The other antenna 26 is for its part positioned on the ground on a piece of foam and aimed towards the tyre. It is situated at a distance of at least 35 centimetres from the tyre, which distance is approximately the wavelength of the transmitted signal. The whole experiment is carried out in an anechoic chamber, namely a room of which the sidewalls absorb the sound or electromagnetic waves.
 The following measurement protocol is used:
 the centre of the emitting antenna 24 is placed at the height of the transponder in question;
 the emitting antenna is placed against the sidewall 6a while bringing the mast 38 close to the tyre by sliding on the rail 36 and the telemeter that is used to measure the distance d is set to zero;
 it is observed that the signal from the transponder in question is received at the reader 38 and the identity of the transponder is verified from the computer 30;
 the antenna 24 is gradually moved away at moderate speed by sliding the mast 38 on the rail 36 until the signal is lost;
 the antenna is again moved towards the tyre until the signal is again found and in this way, by trial and error, the maximum distance d is found that allows the transponder to be read by the reader 28;
 the antenna is then immobilized and the distance obtained is read off with the aid of the telemeter.
 Shown in the diagram of FIG. 6 are the distances thus obtained for each of the sixteen transponders of the REF sidewall 6a of the tyre. The values are connected by the curve 40. A similar experiment was carried out by placing sixteen other transponders in the other sidewall 6b, which resulted in the curve 42. In order to better observe the reading differences, the centre of the diagram corresponds to the distance of 750 millimetres, the distances indicated in the radial direction increasing in steps of 50 millimetres up to 1050 millimetres.
 On the curve 40, for 1 W of power, the shortest distance is 820 millimetres and corresponds to the situation in which the transponder is situated in the alignment of the axis 8 and of the weld line 16, between the latter. It is therefore in this position of the transponder, the closest to the zone 16, that reading is hardest. In other words, it is therefore necessary to be particularly close to the transponder to carry out a correct reading of the data that it contains. Conversely, good reading results are obtained when the transponder is positioned such that the angle θ is greater than 90°. Thus, in the transponder position illustrated in FIG. 2, a distance d of 1 metre is obtained.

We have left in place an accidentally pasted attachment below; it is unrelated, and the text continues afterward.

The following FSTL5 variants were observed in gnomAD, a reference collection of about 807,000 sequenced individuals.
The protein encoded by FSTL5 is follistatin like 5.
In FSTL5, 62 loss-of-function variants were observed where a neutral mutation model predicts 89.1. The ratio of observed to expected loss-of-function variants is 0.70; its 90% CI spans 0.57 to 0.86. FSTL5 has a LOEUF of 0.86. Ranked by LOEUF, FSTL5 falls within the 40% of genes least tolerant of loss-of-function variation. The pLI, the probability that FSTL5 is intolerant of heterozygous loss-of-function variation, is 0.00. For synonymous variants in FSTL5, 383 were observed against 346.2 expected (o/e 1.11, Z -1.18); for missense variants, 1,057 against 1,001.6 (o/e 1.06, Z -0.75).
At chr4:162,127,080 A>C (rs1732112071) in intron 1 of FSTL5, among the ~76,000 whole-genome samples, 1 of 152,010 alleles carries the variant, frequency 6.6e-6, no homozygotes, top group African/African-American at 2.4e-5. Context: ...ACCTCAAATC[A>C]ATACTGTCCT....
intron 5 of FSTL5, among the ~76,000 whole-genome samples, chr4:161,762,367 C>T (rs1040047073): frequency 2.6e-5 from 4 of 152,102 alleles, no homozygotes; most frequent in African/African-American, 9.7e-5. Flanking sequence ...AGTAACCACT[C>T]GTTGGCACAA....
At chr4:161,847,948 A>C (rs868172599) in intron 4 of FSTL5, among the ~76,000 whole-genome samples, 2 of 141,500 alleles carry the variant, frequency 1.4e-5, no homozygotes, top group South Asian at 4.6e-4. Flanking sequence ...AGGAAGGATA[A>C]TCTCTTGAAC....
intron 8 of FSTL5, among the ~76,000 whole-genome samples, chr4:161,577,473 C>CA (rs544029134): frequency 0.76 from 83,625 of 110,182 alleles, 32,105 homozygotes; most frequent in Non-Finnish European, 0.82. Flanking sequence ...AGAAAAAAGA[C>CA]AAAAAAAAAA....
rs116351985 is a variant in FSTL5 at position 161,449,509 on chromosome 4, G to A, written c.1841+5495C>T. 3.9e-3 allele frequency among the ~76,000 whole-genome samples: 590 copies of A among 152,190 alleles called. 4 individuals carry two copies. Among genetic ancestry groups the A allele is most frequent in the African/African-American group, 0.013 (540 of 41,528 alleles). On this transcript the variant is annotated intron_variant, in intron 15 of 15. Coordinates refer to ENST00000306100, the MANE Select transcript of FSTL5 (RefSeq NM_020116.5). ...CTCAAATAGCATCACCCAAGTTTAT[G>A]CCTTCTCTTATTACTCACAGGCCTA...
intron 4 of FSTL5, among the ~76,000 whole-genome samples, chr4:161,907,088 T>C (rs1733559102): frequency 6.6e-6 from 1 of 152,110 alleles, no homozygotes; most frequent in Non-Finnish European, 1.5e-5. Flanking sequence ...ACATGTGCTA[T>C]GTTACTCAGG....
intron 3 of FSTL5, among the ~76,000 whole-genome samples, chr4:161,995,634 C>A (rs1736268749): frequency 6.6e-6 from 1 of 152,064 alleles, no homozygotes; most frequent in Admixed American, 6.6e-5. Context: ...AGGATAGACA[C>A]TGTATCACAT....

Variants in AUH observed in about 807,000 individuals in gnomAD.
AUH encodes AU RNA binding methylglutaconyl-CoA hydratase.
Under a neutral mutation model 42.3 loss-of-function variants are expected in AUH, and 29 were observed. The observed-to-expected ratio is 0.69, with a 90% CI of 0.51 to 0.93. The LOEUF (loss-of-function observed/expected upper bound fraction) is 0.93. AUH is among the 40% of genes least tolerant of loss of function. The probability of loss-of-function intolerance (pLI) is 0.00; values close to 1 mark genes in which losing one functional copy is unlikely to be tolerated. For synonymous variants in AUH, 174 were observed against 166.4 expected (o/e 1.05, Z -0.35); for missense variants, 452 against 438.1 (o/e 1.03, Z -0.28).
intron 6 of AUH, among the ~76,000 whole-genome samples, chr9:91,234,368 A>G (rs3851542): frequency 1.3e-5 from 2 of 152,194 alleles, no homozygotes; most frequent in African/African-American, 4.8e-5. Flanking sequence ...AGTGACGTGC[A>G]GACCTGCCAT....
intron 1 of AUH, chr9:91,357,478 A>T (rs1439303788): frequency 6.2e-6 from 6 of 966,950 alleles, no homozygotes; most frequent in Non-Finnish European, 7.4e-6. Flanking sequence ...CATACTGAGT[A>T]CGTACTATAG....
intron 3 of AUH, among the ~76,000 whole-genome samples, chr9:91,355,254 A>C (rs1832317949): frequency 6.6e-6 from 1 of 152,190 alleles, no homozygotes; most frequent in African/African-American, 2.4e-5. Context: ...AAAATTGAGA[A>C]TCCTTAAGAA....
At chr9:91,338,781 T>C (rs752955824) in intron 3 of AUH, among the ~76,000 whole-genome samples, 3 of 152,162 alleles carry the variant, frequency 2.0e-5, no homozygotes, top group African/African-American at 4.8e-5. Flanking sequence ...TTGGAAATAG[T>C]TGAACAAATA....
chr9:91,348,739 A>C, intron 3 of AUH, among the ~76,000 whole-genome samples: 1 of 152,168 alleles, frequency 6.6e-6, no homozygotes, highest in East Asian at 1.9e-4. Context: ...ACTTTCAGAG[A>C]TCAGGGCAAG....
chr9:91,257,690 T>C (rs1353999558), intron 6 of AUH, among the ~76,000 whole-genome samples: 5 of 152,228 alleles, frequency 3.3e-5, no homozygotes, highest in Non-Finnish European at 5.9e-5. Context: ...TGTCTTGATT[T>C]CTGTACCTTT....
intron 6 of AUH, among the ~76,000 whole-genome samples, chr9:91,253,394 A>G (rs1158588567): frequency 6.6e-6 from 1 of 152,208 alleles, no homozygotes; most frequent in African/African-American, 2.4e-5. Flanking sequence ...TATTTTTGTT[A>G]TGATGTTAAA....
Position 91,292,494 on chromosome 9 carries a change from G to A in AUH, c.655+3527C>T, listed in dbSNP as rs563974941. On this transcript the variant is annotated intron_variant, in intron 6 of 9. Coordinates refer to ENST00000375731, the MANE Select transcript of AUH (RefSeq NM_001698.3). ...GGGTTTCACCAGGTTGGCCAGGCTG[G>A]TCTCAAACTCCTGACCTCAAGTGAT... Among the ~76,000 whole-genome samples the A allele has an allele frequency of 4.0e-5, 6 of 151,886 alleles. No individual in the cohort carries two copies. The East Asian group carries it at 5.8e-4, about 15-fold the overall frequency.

The curve 42 corresponding to the AREF sidewall 6b has a general appearance close to that of the curve 40. However, the distances obtained are generally shorter than those of the curve 40, such that it is preferable to position the transponder on the sidewall 6a.
 The diagram of FIG. 5 results from the measurements taken on a tyre furnished with sixteen transponders 12 on the sidewall 6a and sixteen transponders 12 on the sidewall 6b. Repeating the experiment on numerous similar tyres leads to a smoothing of the curve forming the average of the curves, which shows that the best positioning corresponds to the bottom of the curve and hence to values of θ that are close to 180°. The average curve has the general appearance of a cardioid, the re-entrant portion and the singular point of the cardioid corresponding to the transponder position closest to the weld zone. In other words, it is safest to place the transponder on the sidewall 6a situating it as far as possible from the weld zone 16.
 In the embodiment described above, a single transponder 12 is placed in the preform 14 of the tyre comprising rubber that is raw, therefore before the curing of this preform in order to cure the rubber. The transponder is placed in the thickness of the sidewall or on an inner or outer face of the latter. It is possible to implement the transponder in the form of a component comprising at least two thin thicknesses of insulating raw rubber between which the transponder is interposed and enclosed. The rubber of the component is attached to the raw rubber of the preform between two layers of the latter, and then secured to the latter when the preform is cured.